Centre for Continuing Education

Philosophy Course: How Plato Can Change Your Life

Philosophy. Study the fundamental nature of knowledge, reality and existence.

Learn about philosophy the smart way with Philosophy courses at the University of Sydney.

Plato is arguably the most grand and influential philosopher in the western philosophical tradition. He was an extraordinarily innovative thinker in many areas: metaphysics, logic, epistemology, ethics, aesthetics, politics, law and education, to name but a few. He not only addressed the question of the meaning of human existence and our place in the cosmos, he also shed new light on the form and meaning of such questioning; he not only called upon us to know ourselves, after Socrates, he argued that it is in our nature to think and to reflect and it is in the nature of philosophy to teach us how to think for ourselves. He was also a revolutionary writer.

We examine some of his major contributions to debates about the nature and meaning of human being, the nature and meaning of goodness, the nature and meaning of reflection in relation to a fully examined life, and the place of love, wisdom and enlightenment.

Aims

  1. To critically explore Platonic dialectics, and his debt to Socrates
  2. To critically explore Plato’s work on the nature and meaning of thinking and critical reflection
  3. To critically explore Plato’s work on the nature and meaning of human freedom (ethics)
  4. To critically explore Plato’s work on the relationship between freedom, love, wisdom and enlightenment.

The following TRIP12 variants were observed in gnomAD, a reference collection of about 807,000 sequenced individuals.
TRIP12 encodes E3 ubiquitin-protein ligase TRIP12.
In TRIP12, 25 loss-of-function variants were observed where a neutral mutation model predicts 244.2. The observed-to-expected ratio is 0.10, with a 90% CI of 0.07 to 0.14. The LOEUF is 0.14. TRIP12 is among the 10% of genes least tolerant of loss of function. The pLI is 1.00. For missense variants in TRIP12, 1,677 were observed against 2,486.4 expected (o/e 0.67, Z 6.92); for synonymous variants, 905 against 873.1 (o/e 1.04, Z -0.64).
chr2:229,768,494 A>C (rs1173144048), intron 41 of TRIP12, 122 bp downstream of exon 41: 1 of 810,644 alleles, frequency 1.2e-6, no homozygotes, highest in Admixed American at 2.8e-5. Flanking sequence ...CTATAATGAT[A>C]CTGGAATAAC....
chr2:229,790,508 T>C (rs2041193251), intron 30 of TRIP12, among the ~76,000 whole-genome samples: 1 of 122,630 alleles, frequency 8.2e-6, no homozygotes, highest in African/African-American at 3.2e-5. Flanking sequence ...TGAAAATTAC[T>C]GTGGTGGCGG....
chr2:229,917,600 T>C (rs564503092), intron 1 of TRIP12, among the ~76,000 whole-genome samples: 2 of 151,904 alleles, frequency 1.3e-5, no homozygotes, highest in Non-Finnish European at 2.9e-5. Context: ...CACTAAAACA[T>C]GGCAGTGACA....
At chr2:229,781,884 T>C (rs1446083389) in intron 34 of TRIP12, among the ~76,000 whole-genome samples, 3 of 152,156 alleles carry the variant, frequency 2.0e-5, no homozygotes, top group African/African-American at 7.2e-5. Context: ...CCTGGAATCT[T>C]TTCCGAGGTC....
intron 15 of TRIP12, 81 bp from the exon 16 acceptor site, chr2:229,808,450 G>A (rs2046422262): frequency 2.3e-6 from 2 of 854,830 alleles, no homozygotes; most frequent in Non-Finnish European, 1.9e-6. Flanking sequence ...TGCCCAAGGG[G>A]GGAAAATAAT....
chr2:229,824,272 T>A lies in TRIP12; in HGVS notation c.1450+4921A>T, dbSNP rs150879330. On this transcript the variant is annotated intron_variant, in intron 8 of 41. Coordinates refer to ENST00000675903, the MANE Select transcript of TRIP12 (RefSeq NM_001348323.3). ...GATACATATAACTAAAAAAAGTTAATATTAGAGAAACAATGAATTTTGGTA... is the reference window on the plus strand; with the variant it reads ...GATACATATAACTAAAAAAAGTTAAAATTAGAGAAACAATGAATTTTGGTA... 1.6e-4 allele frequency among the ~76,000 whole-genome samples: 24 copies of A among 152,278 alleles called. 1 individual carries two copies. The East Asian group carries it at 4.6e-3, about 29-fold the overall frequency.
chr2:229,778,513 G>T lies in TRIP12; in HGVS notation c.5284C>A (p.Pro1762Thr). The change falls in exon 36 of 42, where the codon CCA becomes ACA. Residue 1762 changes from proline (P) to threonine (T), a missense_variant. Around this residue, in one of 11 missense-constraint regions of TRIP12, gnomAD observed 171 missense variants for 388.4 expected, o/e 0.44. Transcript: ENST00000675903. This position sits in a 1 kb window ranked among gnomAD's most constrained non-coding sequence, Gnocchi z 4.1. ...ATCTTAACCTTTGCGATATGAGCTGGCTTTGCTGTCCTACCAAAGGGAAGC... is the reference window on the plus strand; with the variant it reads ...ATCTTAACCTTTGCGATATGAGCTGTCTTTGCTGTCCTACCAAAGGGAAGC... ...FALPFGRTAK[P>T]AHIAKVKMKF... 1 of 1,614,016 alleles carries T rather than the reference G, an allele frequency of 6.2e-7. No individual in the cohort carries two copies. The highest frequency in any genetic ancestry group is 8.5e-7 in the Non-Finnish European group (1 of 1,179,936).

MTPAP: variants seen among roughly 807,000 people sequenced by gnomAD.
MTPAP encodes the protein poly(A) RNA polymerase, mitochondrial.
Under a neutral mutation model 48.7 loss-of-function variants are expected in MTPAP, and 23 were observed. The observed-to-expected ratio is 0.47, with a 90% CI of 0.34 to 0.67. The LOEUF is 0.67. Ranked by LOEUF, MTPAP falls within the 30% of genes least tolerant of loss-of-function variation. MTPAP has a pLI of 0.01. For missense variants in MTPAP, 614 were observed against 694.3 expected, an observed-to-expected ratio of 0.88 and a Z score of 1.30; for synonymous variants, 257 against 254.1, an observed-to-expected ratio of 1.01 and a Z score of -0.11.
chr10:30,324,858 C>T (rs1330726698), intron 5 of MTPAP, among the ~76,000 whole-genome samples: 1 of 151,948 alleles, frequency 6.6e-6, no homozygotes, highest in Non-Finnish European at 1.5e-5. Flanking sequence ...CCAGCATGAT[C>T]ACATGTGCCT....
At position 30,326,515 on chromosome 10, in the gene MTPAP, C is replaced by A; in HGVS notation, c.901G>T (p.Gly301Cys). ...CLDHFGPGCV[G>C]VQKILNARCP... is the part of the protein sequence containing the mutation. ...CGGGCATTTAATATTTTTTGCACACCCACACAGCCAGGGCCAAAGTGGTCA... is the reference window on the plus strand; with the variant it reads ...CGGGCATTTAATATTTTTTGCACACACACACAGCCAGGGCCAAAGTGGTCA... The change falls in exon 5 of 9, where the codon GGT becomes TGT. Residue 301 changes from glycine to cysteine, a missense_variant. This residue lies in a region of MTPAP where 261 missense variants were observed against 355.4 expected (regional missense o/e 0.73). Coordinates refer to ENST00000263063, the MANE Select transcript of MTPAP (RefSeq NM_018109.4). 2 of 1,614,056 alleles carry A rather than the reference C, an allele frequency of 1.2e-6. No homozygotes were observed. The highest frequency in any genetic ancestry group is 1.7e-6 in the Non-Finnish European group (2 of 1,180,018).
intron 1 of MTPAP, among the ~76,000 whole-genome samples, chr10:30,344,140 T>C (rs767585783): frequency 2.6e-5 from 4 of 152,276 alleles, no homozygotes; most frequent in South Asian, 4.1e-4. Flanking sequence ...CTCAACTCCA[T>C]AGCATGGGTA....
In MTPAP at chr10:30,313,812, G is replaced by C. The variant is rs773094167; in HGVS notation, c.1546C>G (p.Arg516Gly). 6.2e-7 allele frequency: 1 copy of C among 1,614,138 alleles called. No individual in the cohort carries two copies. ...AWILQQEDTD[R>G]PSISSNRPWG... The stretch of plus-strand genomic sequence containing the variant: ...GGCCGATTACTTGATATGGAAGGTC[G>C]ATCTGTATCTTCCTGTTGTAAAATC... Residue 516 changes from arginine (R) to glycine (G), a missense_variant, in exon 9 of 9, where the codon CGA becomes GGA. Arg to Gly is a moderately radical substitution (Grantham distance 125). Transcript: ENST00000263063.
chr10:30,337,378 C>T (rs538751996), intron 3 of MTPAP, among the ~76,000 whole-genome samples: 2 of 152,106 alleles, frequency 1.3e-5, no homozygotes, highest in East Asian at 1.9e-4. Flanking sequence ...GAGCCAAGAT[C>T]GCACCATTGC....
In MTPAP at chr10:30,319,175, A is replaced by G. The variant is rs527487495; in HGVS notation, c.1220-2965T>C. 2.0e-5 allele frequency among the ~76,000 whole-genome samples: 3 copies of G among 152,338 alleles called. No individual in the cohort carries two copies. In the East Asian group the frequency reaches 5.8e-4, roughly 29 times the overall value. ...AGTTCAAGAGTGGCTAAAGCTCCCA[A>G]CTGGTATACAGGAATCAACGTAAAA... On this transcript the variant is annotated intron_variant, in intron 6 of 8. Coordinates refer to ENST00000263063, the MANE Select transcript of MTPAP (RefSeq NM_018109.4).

Outcomes

At the completion of this philosophy course students should have:

  1. an understanding of Platonic dialectics, and his debt to Socrates
  2. an understanding of Plato’s work on the nature and meaning of thinking and critical reflection
  3. an understanding of Plato’s work on the nature and meaning of human freedom (ethics)
  4. an understanding of Plato’s work on the relationship between freedom, love, wisdom and enlightenment.

Content

This philosophy course will cover the following content:

10.30am – Introduction: On Platonic Questioning
11.45am – Break
12pm – On the nature and meaning of thinking and critical reflection
1pm – Lunch
2pm – On the nature and meaning of human freedom (ethics)
3pm – Break
3.20pm – On the relationship between freedom, love, wisdom and enlightenment
5pm – Close

Intended Audience

General audience

Delivery Style

Tutorial

Recommended Reading

Hare, Plato
Magee, B., Story of Philosophy
McMahon, DM, The Pursuit of Happiness: A History from the Greeks to the Present
Nozick, Robert, The Examined Life: Philosophical Meditations
Lampert, Laurence, How philosophy became socratic: a study of Plato’s Protagoras, Charmides, and Republic

Features

  • Expert trainers
  • Central locations
  • Small class sizes
  • Free, expert advice
  • Student materials – yours to keep
  • Statement of completion

What others say.

  • I thought the course on Plato was fantastic and the presenter was amazing. I couldn’t sleep last night thinking about everything that was discussed. I will certainly do another course with this tutor.

  • This was my first philosophy course and I was very impressed. The lecturer was great and encouraged open dialogue which lead to good class discussion. I would highly recommend this course.